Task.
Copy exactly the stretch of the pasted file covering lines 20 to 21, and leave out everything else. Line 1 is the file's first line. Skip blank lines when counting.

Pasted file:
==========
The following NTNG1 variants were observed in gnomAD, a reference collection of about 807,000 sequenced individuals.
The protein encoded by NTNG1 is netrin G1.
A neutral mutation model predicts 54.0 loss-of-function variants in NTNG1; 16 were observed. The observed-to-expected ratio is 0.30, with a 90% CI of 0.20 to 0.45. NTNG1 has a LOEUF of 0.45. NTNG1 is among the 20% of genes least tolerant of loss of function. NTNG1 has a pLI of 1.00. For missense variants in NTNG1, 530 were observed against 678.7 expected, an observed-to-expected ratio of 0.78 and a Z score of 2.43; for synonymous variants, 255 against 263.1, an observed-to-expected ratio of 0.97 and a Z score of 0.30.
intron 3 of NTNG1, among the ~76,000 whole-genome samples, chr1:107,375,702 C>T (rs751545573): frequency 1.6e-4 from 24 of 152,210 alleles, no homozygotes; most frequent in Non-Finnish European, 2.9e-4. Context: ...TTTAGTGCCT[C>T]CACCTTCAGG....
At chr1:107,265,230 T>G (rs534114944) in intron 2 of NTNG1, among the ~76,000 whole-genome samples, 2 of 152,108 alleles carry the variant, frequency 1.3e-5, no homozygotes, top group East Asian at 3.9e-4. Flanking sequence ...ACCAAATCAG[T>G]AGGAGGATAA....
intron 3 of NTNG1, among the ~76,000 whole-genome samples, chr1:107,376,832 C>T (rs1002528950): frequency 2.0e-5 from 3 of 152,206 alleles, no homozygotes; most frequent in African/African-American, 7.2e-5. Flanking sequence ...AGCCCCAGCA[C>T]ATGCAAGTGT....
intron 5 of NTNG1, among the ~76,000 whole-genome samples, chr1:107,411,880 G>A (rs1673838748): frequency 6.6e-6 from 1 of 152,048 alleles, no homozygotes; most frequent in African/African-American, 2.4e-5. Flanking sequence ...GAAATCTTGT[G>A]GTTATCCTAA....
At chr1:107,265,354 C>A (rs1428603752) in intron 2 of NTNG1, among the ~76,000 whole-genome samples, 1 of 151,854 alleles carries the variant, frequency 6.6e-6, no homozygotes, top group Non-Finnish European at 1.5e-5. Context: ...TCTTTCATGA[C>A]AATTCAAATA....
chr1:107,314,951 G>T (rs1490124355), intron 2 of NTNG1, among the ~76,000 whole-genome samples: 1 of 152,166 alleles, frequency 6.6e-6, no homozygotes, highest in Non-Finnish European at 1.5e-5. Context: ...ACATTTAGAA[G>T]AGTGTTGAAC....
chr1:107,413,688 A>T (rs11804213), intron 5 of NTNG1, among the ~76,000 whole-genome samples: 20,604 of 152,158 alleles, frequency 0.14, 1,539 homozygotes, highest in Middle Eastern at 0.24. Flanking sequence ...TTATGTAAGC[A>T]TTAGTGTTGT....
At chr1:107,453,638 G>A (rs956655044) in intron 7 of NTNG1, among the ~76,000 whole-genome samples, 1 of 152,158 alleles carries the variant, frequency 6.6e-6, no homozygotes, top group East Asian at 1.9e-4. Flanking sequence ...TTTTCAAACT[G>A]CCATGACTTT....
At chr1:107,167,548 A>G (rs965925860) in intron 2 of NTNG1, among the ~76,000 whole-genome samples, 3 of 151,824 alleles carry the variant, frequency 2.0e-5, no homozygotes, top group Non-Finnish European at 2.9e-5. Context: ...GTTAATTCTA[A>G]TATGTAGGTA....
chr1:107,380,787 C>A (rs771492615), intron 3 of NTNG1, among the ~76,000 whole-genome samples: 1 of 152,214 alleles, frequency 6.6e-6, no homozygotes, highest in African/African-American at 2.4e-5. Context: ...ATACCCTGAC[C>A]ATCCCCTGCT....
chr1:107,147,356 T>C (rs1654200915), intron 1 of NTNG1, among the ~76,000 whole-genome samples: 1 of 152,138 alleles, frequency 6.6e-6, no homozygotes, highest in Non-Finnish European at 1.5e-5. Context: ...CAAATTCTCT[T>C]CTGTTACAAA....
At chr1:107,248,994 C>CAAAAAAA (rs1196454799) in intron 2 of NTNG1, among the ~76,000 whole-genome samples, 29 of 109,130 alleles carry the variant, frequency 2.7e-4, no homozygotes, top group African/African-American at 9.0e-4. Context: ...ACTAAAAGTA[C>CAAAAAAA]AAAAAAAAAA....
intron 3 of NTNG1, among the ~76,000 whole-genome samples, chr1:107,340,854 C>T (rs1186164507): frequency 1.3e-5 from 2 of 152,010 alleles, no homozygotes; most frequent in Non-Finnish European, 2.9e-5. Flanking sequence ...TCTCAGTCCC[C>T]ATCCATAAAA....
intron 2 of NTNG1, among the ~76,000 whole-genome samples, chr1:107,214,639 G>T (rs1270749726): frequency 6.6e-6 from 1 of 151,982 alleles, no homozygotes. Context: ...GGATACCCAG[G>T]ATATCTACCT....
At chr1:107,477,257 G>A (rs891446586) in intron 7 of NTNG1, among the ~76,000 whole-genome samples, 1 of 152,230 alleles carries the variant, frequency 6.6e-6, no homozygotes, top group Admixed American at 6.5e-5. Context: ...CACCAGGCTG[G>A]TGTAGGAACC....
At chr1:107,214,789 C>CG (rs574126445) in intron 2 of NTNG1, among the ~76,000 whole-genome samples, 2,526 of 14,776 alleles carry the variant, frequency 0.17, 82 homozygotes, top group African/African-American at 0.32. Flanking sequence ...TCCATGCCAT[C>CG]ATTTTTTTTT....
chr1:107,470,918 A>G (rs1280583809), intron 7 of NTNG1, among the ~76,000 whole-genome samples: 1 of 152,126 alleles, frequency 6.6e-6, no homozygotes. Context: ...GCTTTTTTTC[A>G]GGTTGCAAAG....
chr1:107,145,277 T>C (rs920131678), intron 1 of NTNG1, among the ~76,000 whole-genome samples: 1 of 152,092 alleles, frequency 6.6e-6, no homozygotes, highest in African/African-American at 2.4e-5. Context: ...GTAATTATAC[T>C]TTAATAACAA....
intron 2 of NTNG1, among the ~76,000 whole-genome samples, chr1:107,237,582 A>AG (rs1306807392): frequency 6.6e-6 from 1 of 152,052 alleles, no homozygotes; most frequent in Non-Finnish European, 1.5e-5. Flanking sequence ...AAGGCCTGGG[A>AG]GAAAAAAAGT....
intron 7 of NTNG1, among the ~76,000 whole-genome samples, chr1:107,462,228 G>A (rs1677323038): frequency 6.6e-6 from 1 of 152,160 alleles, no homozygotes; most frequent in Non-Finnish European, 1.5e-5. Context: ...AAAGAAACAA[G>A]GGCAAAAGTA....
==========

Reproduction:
chr1:107,470,918 A>G (rs1280583809), intron 7 of NTNG1, among the ~76,000 whole-genome samples: 1 of 152,126 alleles, frequency 6.6e-6, no homozygotes. Context: ...GCTTTTTTTC[A>G]GGTTGCAAAG....
chr1:107,145,277 T>C (rs920131678), intron 1 of NTNG1, among the ~76,000 whole-genome samples: 1 of 152,092 alleles, frequency 6.6e-6, no homozygotes, highest in African/African-American at 2.4e-5. Context: ...GTAATTATAC[T>C]TTAATAACAA....